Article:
This month´s success was only $2024.04.  Certainly not as good as it could have been.  I´m embarrased and ashamed to post so many red numbers.  I don´t know what to tell you.  All I can do is use this as motivation for next month.

I´ll console myself now with the pretty pictures I promised you would be a regular thing now.


Starting debt:   $60,811.31
Starting savings:  $34,198.44
Starting Net Worth:  -$26,612.87

Current debt:   $52,961.30
Current savings:  $44,104.03
Current Net Worth:  -$8,857.27

This means I´ve increased my net worth by $17,755.60 YTD.

At least my Net Worth is above the $-10k line??

At least my Net Worth is above the $-10k line??


I won´t go into why this is so frustrating yet again (read about it here), but here they are, these fabulous blurbs.

What changed this month that might have affected my credit score?

1. I removed myself from my mom´s CC account all together.  She kept that card pretty maxed out, and I had paid my part and wasn´t planning on using it again, so I just took that one off completely.

2. I closed my checking account (and paid off checking overages) and went back to using my long-standing credit union account.

AND YET my score as reported by Capital One (top) and CreditKarma (middle) went down.  My score as reported by Mint (bottom) stayed the same.




Finally, I´m not going to update the pies monthly.  The pies were really useful in helping me determine how much of a raise I´ll need in order for a new job in a new city to be financially feasable.  Now that I know, the job hunt continues.

This month was a little rough for me, financially, and all over the place emotionally.  How was your April?

12 thoughts on “New Tools and April Update

  1. Truley sorry to hear you had a bit of a rough month. I’ve prayed for your job search and I’m thinking positive thoughts that next month will be better. Glad you have the YNAB review. We haven’t been tracking our spend too well and is like to do better, so I was looking into apps for that. Does not sound like YNAB is for me!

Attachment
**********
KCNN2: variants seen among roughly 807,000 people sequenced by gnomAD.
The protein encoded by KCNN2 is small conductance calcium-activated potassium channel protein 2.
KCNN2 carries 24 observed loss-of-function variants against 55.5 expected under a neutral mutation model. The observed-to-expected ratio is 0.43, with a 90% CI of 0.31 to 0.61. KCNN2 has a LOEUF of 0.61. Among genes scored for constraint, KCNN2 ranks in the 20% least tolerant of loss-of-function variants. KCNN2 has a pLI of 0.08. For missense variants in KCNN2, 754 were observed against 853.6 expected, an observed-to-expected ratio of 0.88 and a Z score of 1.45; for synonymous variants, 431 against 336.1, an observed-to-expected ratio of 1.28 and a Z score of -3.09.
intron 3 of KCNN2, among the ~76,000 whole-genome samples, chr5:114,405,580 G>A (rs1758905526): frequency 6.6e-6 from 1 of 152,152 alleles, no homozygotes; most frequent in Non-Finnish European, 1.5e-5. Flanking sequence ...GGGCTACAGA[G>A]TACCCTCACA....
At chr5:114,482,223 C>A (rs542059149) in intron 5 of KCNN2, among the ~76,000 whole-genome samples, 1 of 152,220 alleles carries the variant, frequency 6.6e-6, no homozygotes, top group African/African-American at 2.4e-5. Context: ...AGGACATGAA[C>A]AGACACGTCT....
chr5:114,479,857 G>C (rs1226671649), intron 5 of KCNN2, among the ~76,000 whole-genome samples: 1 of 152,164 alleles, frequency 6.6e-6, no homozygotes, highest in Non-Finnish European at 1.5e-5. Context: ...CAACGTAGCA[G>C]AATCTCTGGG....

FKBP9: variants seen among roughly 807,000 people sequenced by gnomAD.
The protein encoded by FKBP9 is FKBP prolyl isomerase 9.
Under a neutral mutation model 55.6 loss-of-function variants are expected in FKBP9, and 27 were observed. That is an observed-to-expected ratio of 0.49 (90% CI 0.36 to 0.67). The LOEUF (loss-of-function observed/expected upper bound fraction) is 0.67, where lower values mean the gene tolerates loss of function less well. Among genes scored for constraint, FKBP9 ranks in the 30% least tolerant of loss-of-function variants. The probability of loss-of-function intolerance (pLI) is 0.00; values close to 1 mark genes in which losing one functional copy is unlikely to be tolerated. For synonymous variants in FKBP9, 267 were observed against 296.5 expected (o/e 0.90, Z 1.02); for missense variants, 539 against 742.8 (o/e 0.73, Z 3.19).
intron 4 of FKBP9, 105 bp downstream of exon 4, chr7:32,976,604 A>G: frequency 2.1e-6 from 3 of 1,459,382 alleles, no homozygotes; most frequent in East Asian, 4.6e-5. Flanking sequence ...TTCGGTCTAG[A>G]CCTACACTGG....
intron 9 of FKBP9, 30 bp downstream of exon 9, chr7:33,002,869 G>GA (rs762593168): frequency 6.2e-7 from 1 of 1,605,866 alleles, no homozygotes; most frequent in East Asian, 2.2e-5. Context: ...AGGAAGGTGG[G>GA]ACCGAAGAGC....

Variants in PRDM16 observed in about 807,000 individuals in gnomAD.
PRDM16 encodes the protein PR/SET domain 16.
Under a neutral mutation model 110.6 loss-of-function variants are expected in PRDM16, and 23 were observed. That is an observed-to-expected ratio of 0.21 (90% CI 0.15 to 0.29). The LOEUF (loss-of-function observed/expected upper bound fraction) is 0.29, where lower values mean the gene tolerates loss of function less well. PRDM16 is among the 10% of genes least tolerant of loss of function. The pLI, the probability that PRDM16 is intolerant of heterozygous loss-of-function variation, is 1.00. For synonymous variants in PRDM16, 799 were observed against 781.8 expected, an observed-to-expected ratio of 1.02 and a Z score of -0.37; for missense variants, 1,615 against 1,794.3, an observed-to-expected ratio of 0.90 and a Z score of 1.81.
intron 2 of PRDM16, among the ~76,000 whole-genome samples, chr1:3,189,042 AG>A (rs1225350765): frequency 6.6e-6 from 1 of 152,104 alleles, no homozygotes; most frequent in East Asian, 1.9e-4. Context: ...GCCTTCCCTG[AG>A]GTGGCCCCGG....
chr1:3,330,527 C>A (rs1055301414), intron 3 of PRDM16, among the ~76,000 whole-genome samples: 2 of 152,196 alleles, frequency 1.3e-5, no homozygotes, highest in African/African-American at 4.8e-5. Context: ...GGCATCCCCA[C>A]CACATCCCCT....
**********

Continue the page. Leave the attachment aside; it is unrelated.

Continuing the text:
2. Truck sorry to hear this was a rough month. I’ve prayed for your job thought and I’m sending positive thoughts for a better May!

    Glad you posted the YNAB review. I want to get better about tracking our spending but that sounds too manual for me.


    • Thanks so much for your kind words, Kirsten. I’m humbled by your thoughts and prayers.
      You might like Mint. It’s much more automated, though not very customizable.


  3. I’m in Camp YNAB but I am definitely lured by pretty things — it’s more exciting than excel, so I enjoy using it 🙂 I also am a big fan of manual entry though; I don’t automate anything (bill pay, etc) because I feel like when I do that I’m liable to lose track of something. Anyway, I’m glad you’re experimenting and finding things that work for you! Also, I’m sorry that you feel like you had a rough April. But if I’d just looked at the numbers I wouldn’t have said that; a $2000 gain is about what I aim for each month! Also, I don’t know much about credit scores, but I’d give it another few months. I know sometimes when you close accounts they do dip temporarily. Reducing your debt to income ratio and making on-time payments are the things that seem to help most. I hope you feel better in May!


    • Thanks, C. I just have to be more patient with myself, I know.
      I don’t automate my bill payments either, for the same reason. However, sitting down to pay bills twice a month is kind of an event, and I know it’s going to take some time. I like how quickly I can update my budget in excel every day.
      Anyway! About the credit scores, all I can say is that, in 2.5 years when I’m debt free, those scores better be better! I’m willing to be patient, it’s just frustrating to see them go in the wrong direction.


  4. I’ve used Mint and Persona Capital and like both for different reasons, but I track spending best with my own spreadsheet. As long as you do it, the way that works best for you is the right one.


  5. Pingback: Chicago and May Update | SmashOdyssey